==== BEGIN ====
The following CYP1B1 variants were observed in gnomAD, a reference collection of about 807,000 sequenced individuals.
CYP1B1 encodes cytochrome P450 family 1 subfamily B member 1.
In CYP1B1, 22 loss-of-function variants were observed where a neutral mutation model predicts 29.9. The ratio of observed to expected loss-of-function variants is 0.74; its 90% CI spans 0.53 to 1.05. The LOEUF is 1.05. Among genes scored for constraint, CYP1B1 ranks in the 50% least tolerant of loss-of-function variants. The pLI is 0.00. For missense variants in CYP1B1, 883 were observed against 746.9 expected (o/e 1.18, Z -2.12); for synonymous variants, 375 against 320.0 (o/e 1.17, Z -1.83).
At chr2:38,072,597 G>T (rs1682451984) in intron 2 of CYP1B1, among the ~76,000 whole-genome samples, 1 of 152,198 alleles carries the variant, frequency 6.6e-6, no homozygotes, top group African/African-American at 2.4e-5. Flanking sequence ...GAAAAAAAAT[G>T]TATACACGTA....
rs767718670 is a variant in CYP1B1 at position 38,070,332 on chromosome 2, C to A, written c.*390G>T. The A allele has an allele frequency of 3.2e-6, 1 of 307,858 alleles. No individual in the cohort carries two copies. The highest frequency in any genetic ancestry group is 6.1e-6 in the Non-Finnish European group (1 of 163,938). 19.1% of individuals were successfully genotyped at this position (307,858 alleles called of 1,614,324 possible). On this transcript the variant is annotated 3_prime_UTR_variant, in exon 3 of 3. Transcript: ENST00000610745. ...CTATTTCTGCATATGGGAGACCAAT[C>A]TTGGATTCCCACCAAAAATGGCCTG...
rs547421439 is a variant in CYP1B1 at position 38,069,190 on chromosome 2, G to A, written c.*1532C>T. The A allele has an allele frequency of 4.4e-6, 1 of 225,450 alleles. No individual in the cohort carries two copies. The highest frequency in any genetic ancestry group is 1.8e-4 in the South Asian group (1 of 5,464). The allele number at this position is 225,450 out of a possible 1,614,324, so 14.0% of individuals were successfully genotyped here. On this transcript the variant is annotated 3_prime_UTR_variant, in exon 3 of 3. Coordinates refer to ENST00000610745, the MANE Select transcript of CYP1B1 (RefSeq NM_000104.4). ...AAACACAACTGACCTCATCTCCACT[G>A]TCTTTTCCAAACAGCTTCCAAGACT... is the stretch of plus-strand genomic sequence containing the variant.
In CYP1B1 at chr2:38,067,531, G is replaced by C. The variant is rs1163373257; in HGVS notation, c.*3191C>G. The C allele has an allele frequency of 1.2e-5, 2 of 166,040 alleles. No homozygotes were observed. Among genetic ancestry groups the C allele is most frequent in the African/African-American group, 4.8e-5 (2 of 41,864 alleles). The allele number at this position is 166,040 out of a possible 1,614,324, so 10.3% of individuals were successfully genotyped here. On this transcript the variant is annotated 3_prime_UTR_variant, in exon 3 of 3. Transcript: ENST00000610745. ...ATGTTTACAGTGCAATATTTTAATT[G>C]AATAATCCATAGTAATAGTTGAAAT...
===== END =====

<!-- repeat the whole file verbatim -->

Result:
The following CYP1B1 variants were observed in gnomAD, a reference collection of about 807,000 sequenced individuals.
CYP1B1 encodes cytochrome P450 family 1 subfamily B member 1.
In CYP1B1, 22 loss-of-function variants were observed where a neutral mutation model predicts 29.9. The ratio of observed to expected loss-of-function variants is 0.74; its 90% CI spans 0.53 to 1.05. The LOEUF is 1.05. Among genes scored for constraint, CYP1B1 ranks in the 50% least tolerant of loss-of-function variants. The pLI is 0.00. For missense variants in CYP1B1, 883 were observed against 746.9 expected (o/e 1.18, Z -2.12); for synonymous variants, 375 against 320.0 (o/e 1.17, Z -1.83).
At chr2:38,072,597 G>T (rs1682451984) in intron 2 of CYP1B1, among the ~76,000 whole-genome samples, 1 of 152,198 alleles carries the variant, frequency 6.6e-6, no homozygotes, top group African/African-American at 2.4e-5. Flanking sequence ...GAAAAAAAAT[G>T]TATACACGTA....
rs767718670 is a variant in CYP1B1 at position 38,070,332 on chromosome 2, C to A, written c.*390G>T. The A allele has an allele frequency of 3.2e-6, 1 of 307,858 alleles. No individual in the cohort carries two copies. The highest frequency in any genetic ancestry group is 6.1e-6 in the Non-Finnish European group (1 of 163,938). 19.1% of individuals were successfully genotyped at this position (307,858 alleles called of 1,614,324 possible). On this transcript the variant is annotated 3_prime_UTR_variant, in exon 3 of 3. Transcript: ENST00000610745. ...CTATTTCTGCATATGGGAGACCAAT[C>A]TTGGATTCCCACCAAAAATGGCCTG...
rs547421439 is a variant in CYP1B1 at position 38,069,190 on chromosome 2, G to A, written c.*1532C>T. The A allele has an allele frequency of 4.4e-6, 1 of 225,450 alleles. No individual in the cohort carries two copies. The highest frequency in any genetic ancestry group is 1.8e-4 in the South Asian group (1 of 5,464). The allele number at this position is 225,450 out of a possible 1,614,324, so 14.0% of individuals were successfully genotyped here. On this transcript the variant is annotated 3_prime_UTR_variant, in exon 3 of 3. Coordinates refer to ENST00000610745, the MANE Select transcript of CYP1B1 (RefSeq NM_000104.4). ...AAACACAACTGACCTCATCTCCACT[G>A]TCTTTTCCAAACAGCTTCCAAGACT... is the stretch of plus-strand genomic sequence containing the variant.
In CYP1B1 at chr2:38,067,531, G is replaced by C. The variant is rs1163373257; in HGVS notation, c.*3191C>G. The C allele has an allele frequency of 1.2e-5, 2 of 166,040 alleles. No homozygotes were observed. Among genetic ancestry groups the C allele is most frequent in the African/African-American group, 4.8e-5 (2 of 41,864 alleles). The allele number at this position is 166,040 out of a possible 1,614,324, so 10.3% of individuals were successfully genotyped here. On this transcript the variant is annotated 3_prime_UTR_variant, in exon 3 of 3. Transcript: ENST00000610745. ...ATGTTTACAGTGCAATATTTTAATT[G>C]AATAATCCATAGTAATAGTTGAAAT...